Vinyl plank flooring, and particularly Luxury Vinyl Planks, also known as LVP, are very popular now. Vinyl is a synthetic material used, among other things, as flooring. It’s been around for decades, and companies constantly improve their aesthetic and efficiency.
Vinyl planks are known for responding efficiently when placed in high-traffic areas. They are also resistant to moisture (within reason). This is why, unsurprisingly, they are a great match for bathrooms, kitchens, and basements.
Thanks to its popularity, you are now able to choose from hundreds of colors and patterns. Particularly vinyl planks, due to their shape, work great as faux wood.
LVP creates a finishing that is visually identical to a variety of wooden floors while adding the positive features of a synthetic floor in comparison to its more sensitive organic counterparts.
Let’s read some tips on what -not- to do when it comes to cleaning vinyl plank flooring.
Don’t overdo white vinegar on your vinyl plank flooring
White vinegar is a multi-purpose cleaning agent that works well with most materials and surfaces. However, at the end of the day, vinegar is an acid. If it’s used often, it can dull the finish.
Instead, do apply vinegar in a lower concentration. Create a mix of ¼ cup of vinegar and one tablespoon dish soap and dilute it on half a gallon of water. This will make a perfect mild floor cleaner without being too aggressive. If you’re consistent with cleaning this will do the job just fine.
Don’t use too much water or steam for your vinyl flooring
Even though vinyl planks are waterproof, because they are individual planks instead of a single roll, there are very small gaps between each plank.
Eventually, water will get into them and beneath your planks and you don’t want that for two reasons: it will loosen up the planks by melting the adhesive beneath them, and it will also create the perfect scenario for mold and bacteria to grow.
Instead, do use a minimum amount of water each time you clean. A microfiber mop only requires a bit of water and a cleaning agent to work with. You will mostly need regular sweeping and vacuuming to take care of your vinyl flooring.
And when you mop occasionally, make sure you don’t leave dripping water on it and that there’s enough airflow for the entire surface to dry properly.
Using a soft-bristled broom and a microfiber pad will help you absorb dirt and dust quickly without harming your surface.
Don’t use ammonia or bleach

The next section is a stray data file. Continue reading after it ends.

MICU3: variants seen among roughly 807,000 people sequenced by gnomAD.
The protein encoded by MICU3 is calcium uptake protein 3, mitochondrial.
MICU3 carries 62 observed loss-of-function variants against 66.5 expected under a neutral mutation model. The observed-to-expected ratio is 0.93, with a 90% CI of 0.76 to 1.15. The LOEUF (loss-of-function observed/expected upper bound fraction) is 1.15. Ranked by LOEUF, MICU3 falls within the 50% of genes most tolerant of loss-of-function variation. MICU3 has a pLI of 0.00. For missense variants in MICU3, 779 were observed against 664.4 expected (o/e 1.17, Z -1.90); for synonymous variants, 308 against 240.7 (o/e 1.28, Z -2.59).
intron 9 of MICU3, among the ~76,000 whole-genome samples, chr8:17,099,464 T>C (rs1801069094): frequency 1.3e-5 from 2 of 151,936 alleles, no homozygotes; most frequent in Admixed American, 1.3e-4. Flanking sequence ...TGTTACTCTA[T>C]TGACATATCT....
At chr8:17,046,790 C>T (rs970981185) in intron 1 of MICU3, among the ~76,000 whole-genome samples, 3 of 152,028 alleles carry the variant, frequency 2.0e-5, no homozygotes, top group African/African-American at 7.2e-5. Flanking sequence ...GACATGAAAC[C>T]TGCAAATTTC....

Although effective, ammonia is a very abrasive agent that needs to be handled with care. Most surfaces and materials in your home right now probably do not get along with ammonia, and that includes your vinyl floors.
Ammonia is an alkaline compound and as such, it can damage the adhesive bonds between planks.
The same goes for bleach. Although less abrasive, there’s still a ton of materials that will stain when in contact with bleach. Just like ammonia, bleach is alkaline.
Instead, do use mild detergent or soap. Regular, multi-purpose, neutral detergent it’s all that your vinyl flooring needs to be taken care of.
Don’t let direct sunlight impact for too long on your vinyl plank flooring
Sunlight can cause yellowing because of the impact of UV rays. Plus, sunlight changes your vinyl flooring’s temperature and humidity. If this happens constantly every day and night, it’s going to be harmful to your surface.
Of course, this will depend on your location. For example, some areas in Texas can get drastic humidity changes over the year, depending on the area.
Instead, do open your windows when you’re not using a room so as not to let sunlight in your room all the time.
Vinyl Plank Flooring gives a lot of good reasons to be considered as the right flooring for your home. This synthetic material is able to offer superb resistance to traffic, moisture, and other day-to-day situations.
As always, do some research before deciding on a material, including its maintenance, pros and cons, pricing, and so on.
Make sure you know the effects of each cleaning product you’re applying on your vinyl floors (or any other area in your home) and remember, you can always hire professionals to clean your home and provide the right treatment for each kind of material and surface.